Sunday, September 22, 2019

Freed by Free Jazz: The 2019 Chicago Jazz Festival, Part Three

Let me make this clear at the outset of the third and final installment of my analysis of the Chicago Jazz Festival: I’m not unhappy with what’s readily available on Kansas City’s jazz scene.  Instead, I’m deeply frustrated by the infrequency of performances of homegrown progressive sounds and by the apparent boycott of Kansas City by adventurous touring artists.  I’m obligated to leave town to experience much of the music I love.  During my trek to Chicago- my third music-oriented trip of 2019- I verified that the city’s jazz scene is thriving.  Kansas City is stuck in a rut.  Why?

Critical Mass
Chicago’s greater metropolitan area is five times the size of Kansas City.  A performance by an all-star band led by Vijay Iyer can’t sell 100 tickets in Kansas City, but the same group likely to draw 500 paying customers in Chicago.

The ghost of Charlie Parker is an oppressive presence in Kansas City.  Chicago jazz legends like Ramsey Lewis and Roscoe Mitchell are living symbols of innovation.  And Kansas City has no equivalent to the Chicago based AACM.  The improvised music created in each city reflects those dynamics.

The decrepit buildings scattered throughout the Jazz District aren’t the only things crumbling in Kansas City.  Self-inflicted wounds have impaired three of the most prominent Kansas City jazz organizations.  Advocacy groups such as the Jazz Institute of Chicago efficiently coordinate their efforts with like-minded concerns to achieve large-scale successes including the Chicago Jazz Festival.

The Void
Try to find a review of a 2019 album by a locally based jazz musician anywhere but Plastic Sax.  Not one exists.  Yet releases by Chicago artists- especially those by the hugely influential International Anthem Recording Co.- are regularly given serious consideration at prominent outlets including Downbeat, The New York Times and Pitchfork.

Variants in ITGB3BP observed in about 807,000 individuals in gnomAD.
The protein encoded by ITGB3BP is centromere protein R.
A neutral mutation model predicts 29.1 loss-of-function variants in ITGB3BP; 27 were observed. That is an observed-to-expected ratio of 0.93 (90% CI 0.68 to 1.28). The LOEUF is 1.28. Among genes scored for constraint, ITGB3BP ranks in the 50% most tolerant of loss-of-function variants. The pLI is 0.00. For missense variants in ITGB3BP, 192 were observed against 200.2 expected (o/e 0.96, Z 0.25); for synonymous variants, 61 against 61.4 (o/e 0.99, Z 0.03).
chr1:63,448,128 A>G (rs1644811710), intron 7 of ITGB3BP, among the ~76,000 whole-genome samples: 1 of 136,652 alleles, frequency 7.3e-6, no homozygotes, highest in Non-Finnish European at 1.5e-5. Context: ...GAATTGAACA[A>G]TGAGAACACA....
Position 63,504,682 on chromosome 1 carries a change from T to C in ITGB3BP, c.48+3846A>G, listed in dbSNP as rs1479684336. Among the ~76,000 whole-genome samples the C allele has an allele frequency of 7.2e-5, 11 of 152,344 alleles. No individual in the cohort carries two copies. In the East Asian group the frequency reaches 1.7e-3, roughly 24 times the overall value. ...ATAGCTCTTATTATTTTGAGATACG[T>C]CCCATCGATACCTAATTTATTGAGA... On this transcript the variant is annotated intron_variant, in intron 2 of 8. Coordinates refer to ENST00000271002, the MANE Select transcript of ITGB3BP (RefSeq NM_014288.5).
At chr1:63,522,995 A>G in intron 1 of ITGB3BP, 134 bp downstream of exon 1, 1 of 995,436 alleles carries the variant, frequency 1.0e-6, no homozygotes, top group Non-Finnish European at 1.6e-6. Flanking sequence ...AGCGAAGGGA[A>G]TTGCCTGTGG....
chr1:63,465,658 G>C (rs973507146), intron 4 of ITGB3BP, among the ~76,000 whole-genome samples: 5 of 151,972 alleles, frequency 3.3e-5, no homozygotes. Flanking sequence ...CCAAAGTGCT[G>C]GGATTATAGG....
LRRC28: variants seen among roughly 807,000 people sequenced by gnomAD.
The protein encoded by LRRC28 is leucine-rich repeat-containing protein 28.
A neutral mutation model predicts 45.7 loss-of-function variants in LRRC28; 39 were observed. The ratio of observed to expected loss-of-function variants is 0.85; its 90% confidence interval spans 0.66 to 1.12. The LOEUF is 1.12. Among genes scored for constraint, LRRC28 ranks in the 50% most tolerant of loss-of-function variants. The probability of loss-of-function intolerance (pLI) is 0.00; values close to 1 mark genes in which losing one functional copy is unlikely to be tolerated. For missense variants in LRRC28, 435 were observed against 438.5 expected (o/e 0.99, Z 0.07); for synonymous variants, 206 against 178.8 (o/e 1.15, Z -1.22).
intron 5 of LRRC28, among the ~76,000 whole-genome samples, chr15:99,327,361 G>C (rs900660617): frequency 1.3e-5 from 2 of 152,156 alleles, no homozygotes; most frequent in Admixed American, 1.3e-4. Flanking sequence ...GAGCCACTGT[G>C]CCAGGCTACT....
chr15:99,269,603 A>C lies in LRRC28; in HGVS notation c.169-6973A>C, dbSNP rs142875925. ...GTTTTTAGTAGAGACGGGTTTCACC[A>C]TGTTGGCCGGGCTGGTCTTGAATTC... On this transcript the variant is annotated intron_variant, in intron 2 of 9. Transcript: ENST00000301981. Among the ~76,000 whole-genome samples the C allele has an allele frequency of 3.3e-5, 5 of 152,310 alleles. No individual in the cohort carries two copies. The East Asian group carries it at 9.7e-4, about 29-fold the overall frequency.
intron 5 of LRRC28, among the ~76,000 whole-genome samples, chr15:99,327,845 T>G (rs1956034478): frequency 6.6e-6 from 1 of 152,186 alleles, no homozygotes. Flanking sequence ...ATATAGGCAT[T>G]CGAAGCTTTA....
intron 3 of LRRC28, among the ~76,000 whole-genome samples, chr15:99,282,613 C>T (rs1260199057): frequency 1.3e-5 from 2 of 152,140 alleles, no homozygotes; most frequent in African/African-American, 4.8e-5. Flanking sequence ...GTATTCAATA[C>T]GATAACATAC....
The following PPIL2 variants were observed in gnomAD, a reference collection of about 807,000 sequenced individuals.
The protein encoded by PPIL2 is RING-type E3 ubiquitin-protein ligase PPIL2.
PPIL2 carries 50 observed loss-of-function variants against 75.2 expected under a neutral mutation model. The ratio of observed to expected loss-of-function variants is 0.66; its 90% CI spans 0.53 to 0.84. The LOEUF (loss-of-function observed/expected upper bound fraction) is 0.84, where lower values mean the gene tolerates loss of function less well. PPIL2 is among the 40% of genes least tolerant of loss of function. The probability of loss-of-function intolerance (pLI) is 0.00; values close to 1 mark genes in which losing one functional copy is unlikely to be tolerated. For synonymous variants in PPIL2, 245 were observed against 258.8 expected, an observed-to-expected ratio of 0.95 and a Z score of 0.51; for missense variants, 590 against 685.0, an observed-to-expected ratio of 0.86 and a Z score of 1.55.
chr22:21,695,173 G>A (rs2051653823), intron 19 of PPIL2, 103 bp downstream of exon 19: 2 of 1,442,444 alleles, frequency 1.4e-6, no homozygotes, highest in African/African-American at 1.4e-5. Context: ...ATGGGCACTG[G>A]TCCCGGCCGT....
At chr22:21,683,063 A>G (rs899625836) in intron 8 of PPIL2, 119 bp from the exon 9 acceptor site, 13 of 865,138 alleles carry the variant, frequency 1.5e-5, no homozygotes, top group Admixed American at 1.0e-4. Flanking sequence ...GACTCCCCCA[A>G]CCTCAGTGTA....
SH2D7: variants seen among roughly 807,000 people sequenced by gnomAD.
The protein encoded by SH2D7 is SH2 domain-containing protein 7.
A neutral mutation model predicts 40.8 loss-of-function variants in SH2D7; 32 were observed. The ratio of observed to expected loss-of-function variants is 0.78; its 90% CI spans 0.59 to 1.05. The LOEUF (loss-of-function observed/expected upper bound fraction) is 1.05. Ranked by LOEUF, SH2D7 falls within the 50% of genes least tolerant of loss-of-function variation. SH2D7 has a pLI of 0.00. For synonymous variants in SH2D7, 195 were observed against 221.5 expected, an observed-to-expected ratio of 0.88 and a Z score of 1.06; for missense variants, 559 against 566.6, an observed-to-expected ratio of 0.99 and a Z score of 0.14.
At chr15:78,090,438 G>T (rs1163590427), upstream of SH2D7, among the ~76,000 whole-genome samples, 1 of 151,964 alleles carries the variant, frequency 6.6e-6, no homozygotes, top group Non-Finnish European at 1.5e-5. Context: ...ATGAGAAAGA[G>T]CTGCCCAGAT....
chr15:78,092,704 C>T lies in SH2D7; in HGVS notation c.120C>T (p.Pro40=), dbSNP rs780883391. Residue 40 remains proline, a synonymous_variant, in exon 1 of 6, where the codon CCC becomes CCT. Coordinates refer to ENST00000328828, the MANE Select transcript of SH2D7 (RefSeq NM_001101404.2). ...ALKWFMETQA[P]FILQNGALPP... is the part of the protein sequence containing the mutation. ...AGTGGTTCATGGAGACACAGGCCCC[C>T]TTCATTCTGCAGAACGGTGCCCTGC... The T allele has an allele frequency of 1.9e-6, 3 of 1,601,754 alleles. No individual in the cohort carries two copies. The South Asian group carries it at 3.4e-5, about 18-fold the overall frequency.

If you talk to almost any Kansas City jazz musician for more than five minutes, he or she will bemoan the lack of rooms for unconventional sounds.  In addition to renowned straight-ahead clubs including Andy’s Jazz Club & Restaurant, the Green Mill and Jazz Showcase, Chicago has spaces designed for innovation including Constellation, Elastic Arts and Hungry Brain.

Plastic Sax is the sole forum in Kansas City reporting on jazz every week.  Howard Reich writes extensively about jazz for The Chicago Tribune.  The Chicago Reader is also dedicated to covering the scene. Chicago Jazz Magazine is among the specialty publications.  KKFI- the only viable radio outlet for jazz in Kansas City- plays 15 hours of jazz a week.  Chicago’s WDCB- one of several Chicago stations programming jazz- offers more than 15 hours of jazz every day.

Case Study
On Saturday, September 28, jazz fans in Chicago will attend performances by groundbreaking touring artists including Ambrose Akinmusire, Chico Freeman and Mary Halvorson.  Angel Bat Dawid and Ari Brown are among the Chicago based musicians with international reputations who have hometown shows.  And in Kansas City?  No touring acts are in town, but I highly recommend guitarist Rod Fleeman’s regular matinee gig at Green Lady Lounge.

The first and second parts of this three-part series were published earlier this month.

(Original image of Sam Harris, Ambrose Akinmusire, Harish Raghavan and Justin Brown at the Chicago Jazz Festival by Plastic Sax.)

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